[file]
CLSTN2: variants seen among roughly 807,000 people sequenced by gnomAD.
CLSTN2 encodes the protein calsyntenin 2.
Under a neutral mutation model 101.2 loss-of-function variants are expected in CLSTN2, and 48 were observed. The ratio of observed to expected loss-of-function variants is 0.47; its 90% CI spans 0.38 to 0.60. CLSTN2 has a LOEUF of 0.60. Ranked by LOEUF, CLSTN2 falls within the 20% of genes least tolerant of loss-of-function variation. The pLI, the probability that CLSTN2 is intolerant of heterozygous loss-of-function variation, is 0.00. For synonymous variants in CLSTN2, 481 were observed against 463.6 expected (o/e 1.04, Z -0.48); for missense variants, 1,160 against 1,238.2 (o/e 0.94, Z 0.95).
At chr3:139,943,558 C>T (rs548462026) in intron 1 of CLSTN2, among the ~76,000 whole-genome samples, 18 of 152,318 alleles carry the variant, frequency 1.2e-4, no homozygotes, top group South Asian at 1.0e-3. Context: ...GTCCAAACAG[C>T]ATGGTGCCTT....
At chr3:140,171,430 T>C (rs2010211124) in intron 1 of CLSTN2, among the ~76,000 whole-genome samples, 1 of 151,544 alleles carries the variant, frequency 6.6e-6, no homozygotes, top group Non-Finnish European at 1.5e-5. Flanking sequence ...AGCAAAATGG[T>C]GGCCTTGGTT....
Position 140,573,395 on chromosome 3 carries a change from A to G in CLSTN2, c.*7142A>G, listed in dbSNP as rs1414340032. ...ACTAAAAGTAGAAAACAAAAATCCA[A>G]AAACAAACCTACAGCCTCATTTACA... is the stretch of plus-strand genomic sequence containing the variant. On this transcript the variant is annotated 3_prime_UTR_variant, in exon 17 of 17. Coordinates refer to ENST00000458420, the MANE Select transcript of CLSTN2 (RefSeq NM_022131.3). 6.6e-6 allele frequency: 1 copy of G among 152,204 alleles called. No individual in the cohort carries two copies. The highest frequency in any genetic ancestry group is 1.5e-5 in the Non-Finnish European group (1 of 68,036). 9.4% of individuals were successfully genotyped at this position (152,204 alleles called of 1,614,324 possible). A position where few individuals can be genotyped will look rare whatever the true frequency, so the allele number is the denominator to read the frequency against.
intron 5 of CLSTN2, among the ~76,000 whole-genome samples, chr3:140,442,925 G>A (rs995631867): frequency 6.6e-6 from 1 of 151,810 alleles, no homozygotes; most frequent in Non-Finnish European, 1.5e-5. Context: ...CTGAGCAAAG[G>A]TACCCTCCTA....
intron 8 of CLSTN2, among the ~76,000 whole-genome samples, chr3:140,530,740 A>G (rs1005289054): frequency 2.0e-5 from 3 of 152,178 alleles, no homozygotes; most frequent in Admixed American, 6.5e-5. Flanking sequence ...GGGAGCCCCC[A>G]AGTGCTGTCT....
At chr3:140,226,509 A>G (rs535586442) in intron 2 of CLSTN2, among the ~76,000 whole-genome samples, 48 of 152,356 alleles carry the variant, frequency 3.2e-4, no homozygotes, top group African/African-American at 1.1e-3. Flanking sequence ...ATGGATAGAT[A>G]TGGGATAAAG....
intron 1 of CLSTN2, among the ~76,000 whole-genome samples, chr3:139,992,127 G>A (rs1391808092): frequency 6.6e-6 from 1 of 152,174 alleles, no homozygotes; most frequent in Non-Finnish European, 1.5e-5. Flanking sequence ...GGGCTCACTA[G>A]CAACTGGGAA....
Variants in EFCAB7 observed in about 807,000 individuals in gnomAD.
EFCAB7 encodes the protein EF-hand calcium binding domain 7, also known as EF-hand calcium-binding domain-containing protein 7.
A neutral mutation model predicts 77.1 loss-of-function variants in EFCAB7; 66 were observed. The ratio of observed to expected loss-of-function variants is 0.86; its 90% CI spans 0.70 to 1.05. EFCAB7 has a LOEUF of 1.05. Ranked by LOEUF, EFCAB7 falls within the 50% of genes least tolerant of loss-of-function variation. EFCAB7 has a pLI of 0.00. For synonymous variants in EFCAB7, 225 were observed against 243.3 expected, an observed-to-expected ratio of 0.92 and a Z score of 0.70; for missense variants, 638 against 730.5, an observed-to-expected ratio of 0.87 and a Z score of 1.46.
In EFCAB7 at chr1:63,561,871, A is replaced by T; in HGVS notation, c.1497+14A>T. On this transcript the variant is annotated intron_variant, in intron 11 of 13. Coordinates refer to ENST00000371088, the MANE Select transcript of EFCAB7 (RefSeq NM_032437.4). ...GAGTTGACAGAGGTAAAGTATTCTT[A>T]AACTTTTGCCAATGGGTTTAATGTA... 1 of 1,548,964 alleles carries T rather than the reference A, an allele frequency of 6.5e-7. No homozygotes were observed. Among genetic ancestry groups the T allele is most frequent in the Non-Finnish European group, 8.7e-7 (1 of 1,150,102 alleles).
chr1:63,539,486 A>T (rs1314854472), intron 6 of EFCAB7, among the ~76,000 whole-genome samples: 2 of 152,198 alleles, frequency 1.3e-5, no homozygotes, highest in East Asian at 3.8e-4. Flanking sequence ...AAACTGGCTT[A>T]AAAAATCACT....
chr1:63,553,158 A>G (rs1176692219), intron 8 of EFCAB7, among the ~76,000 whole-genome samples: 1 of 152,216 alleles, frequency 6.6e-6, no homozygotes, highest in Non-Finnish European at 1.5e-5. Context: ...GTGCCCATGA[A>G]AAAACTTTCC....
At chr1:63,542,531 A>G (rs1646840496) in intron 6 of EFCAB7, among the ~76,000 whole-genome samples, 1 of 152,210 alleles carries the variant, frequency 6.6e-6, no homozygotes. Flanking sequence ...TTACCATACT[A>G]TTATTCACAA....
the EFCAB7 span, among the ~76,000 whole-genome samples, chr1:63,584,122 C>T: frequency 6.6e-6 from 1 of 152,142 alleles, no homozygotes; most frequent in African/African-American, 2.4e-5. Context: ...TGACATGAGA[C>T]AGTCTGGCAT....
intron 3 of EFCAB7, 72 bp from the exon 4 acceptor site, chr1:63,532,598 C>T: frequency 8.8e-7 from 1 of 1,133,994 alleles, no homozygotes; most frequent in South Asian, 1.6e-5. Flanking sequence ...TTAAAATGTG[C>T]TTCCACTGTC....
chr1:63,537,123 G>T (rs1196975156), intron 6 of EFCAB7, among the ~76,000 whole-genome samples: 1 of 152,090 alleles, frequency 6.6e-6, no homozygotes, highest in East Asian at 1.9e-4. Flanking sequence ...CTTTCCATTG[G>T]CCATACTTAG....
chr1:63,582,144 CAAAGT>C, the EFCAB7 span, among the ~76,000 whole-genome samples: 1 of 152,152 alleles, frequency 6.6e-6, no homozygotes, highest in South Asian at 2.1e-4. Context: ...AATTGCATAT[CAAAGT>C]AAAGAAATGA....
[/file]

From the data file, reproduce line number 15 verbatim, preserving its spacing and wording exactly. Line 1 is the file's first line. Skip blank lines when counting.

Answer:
chr1:63,539,486 A>T (rs1314854472), intron 6 of EFCAB7, among the ~76,000 whole-genome samples: 2 of 152,198 alleles, frequency 1.3e-5, no homozygotes, highest in East Asian at 3.8e-4. Flanking sequence ...AAACTGGCTT[A>T]AAAAATCACT....